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Krasnodar Krai ( , Krasnodarsky kray) is a federal subject of Russiamarker (a krai), located in the Southern Federal District.

Geography

Krasnodar Krai encompasses the western part of the Forecaucasusmarker and a part of the northern slopes of Caucasus Major. Krasnodar Krai borders, clockwise from the west, Ukrainemarker—from which it is separated by the Strait of Kerchmarker and the Sea of Azovmarker—Russia's Rostov Oblast, Stavropol Krai, and the Karachay-Cherkess Republicmarker, and Georgiamarker's breakaway republic of Abkhaziamarker. The krai territory encompasses the Republic of Adygeamarker. Krasnodar Krai's southern border is formed by what is left of Russia's Black Seamarker coast, with the most important port (Novorossiyskmarker) and resort (Sochimarker) in this part of the country.


Geographically, the area is split by the Kuban River into two distinct parts. The southern, seaward third (historically known as Circassia) is the western extremity of the Caucasus range, lying within the Crimean Submediterranean forest complex ecoregion; the climate is Mediterraneanmarker or, in the south-east, subtropical. The northern two-thirds lies on the Pontic Steppe and shares continental climate patterns. The largest lake is Abraumarker in the wine-making region of Abrau-Dyursomarker.

Time zone



Krasnodar Krai is located in the Moscow Time Zone (MSK/MSD). UTC offset is +0300 (MSK)/+0400 (MSD).


Administrative divisions

Demographics

Population: 5,125,221 (2002 Census); 5,113,148 (1989 Census). The population of Krasnodar Krai is concentrated in the Kuban River drainage basin, which used to be traditional Cossack land (see History of Cossacks). The Kuban Cossacks are now generally considered to be ethnic Russians, even though they are still an important minority in their own right in this area. Other notable ethnic groups include the Armenians (mostly Christian Hamsheni) who have lived in the region since at least the 18th century. The Ukrainians are also an important group; they actually formed a majority of the population in the early 20th century but were subject to heavy Russification.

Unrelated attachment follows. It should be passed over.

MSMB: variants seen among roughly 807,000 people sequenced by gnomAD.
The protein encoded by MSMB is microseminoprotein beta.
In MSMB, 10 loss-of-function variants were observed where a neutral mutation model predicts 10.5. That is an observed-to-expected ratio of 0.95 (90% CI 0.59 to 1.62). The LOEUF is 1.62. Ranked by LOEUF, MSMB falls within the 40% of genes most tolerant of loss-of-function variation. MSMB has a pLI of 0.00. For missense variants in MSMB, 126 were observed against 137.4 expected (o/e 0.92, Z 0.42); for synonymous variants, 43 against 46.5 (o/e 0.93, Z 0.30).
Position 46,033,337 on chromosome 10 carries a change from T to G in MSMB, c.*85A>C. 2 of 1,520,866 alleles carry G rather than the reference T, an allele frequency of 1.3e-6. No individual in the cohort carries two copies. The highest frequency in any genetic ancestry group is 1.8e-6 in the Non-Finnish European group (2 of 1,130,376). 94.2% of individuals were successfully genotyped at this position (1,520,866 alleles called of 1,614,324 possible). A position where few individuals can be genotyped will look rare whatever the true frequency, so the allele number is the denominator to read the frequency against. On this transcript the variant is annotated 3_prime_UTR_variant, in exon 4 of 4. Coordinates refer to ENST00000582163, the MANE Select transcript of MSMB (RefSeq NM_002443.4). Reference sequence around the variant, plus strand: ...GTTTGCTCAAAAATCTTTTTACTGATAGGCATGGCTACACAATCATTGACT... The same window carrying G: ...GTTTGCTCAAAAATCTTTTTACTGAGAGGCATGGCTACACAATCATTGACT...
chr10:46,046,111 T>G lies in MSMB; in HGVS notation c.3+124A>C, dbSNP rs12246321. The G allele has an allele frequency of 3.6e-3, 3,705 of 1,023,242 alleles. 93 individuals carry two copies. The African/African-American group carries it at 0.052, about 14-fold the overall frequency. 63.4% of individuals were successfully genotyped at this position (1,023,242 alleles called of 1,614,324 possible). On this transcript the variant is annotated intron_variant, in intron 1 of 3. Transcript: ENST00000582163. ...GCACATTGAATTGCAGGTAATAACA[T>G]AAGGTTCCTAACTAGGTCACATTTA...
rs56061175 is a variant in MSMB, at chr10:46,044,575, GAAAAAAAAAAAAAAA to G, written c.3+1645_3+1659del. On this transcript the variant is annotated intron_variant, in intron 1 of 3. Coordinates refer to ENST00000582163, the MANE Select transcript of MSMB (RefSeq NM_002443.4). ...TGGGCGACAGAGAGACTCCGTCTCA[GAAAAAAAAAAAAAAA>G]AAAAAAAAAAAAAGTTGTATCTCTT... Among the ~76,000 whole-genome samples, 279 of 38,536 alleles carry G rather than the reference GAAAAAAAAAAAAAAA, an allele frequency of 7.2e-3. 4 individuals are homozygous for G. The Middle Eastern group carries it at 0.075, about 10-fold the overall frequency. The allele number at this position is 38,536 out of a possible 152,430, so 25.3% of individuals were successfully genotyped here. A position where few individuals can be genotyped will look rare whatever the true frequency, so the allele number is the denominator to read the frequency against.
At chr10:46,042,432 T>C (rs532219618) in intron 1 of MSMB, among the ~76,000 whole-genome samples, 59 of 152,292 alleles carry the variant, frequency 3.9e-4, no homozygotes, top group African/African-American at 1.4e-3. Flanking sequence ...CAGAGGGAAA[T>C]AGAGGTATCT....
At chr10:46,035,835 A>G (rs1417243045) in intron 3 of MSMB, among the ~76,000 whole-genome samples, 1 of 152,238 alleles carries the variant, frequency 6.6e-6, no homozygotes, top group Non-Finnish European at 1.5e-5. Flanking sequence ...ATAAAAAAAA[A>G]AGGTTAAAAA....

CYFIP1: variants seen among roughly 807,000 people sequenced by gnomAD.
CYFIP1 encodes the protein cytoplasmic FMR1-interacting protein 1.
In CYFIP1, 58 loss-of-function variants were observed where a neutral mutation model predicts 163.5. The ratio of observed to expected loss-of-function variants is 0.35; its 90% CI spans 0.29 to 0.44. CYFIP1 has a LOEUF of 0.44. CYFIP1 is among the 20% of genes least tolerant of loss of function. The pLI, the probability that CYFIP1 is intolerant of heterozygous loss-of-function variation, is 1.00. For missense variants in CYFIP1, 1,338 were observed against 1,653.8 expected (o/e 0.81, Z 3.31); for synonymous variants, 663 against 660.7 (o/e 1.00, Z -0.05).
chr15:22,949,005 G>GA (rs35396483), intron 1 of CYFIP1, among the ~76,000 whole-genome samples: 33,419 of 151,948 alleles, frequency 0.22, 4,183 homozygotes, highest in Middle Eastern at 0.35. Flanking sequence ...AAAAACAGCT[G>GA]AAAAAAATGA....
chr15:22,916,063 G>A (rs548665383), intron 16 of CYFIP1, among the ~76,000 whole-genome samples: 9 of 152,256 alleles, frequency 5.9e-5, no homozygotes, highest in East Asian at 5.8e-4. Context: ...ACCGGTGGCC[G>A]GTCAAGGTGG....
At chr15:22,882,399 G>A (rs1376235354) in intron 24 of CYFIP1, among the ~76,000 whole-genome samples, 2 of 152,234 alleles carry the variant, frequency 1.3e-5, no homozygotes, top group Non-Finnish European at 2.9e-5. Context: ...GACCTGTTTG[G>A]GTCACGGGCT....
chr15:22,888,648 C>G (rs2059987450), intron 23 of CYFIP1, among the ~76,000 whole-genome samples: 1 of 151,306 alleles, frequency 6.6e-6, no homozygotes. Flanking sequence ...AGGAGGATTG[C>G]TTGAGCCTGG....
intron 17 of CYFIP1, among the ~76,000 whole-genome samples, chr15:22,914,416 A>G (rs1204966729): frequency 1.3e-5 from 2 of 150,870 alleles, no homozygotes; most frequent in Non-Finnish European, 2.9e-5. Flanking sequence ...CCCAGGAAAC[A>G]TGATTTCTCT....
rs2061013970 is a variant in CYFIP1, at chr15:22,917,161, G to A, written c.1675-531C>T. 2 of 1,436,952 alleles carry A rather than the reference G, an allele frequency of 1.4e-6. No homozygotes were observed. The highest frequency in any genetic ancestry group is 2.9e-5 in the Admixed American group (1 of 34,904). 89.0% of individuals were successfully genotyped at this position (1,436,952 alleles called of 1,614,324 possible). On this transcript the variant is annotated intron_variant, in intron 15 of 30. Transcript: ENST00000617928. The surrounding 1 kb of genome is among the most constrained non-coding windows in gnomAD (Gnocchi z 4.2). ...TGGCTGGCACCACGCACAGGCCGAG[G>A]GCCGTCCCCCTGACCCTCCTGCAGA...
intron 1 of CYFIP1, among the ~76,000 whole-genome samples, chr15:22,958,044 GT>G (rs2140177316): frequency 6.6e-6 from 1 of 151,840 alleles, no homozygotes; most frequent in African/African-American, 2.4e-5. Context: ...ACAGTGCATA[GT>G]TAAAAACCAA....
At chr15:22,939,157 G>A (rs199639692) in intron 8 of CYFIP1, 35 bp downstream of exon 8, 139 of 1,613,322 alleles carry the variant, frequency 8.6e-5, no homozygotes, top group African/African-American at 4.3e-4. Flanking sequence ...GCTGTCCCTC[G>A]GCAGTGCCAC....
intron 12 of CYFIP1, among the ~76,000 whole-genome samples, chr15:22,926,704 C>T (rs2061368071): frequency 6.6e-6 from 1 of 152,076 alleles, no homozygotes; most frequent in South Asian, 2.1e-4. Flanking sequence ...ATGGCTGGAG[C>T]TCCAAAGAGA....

Ethnic groups: The 2002 Census counted thirty-three ethnic groups of more than two thousand persons each, making this federal subject one of the most multicultural in Russiamarker. The inhabitants identified themselves as belonging to more than 140 different ethnic groups, as shown in the following table:

Population Ethnicity Percentage of total population
4,418,715 Russians 86.2%
274,566 Armenians 5.36%
131,774 Ukrainians 2.57%
26,540 Greeks 0.52%
26,260 Belarusians 0.51%
25,575 Tatars 0.50%
20,225 Georgians 0.40%
18,469 Germans 0.36%
17,542 Cossacks 0.34%
15,821 Adyghe 0.31%
13,496 Turks 0.26%
11,944 Azeris 0.23%
10,873 Roma 0.21%
6,537 Moldovans 0.13%
5,022 Kurds 0.10%
4,835 Mordovians 0.10%
4,446 Cherkes 0.09%
4,441 Ezids 0.09%
4,141 Chuvash 0.08%
4,133 Ossetians 0.08%
3,764 Assyrians 0.07%
3,752 Lezgins 0.07%
3,425 Udmurts 0.07%
3,289 Koreans 0.06%
3,213 Shapsugs 0.06%
3,138 Bulgarians 0.06%
2,958 Poles 0.06%
2,945 Jews 0.06%
2,857 Chechens 0.06%
2,723 Mari 0.05%
2,609 Crimean Tatars 0.05%
2,210 Uzbeks 0.04%
2,061 Bashkirs 0.04%


A further 0.26% of the inhabitants declined to state their nationality on the census questionnaire.

Vital Statistics for 2007: Source
  • Birth Rate: 11.19 per 1000
  • Death Rate: 14.39 per 1000
  • Net Immigration: +7.1 per 1000
  • NGR: -0.32% per Year
  • PGR: +0.39% per Year


Vital Statistics for 2008:

  • Population (Jan 2009): 5,100,000
  • Births (2008): 62,200
  • Deaths (2008): 72,900


See also



Notes

References



External links




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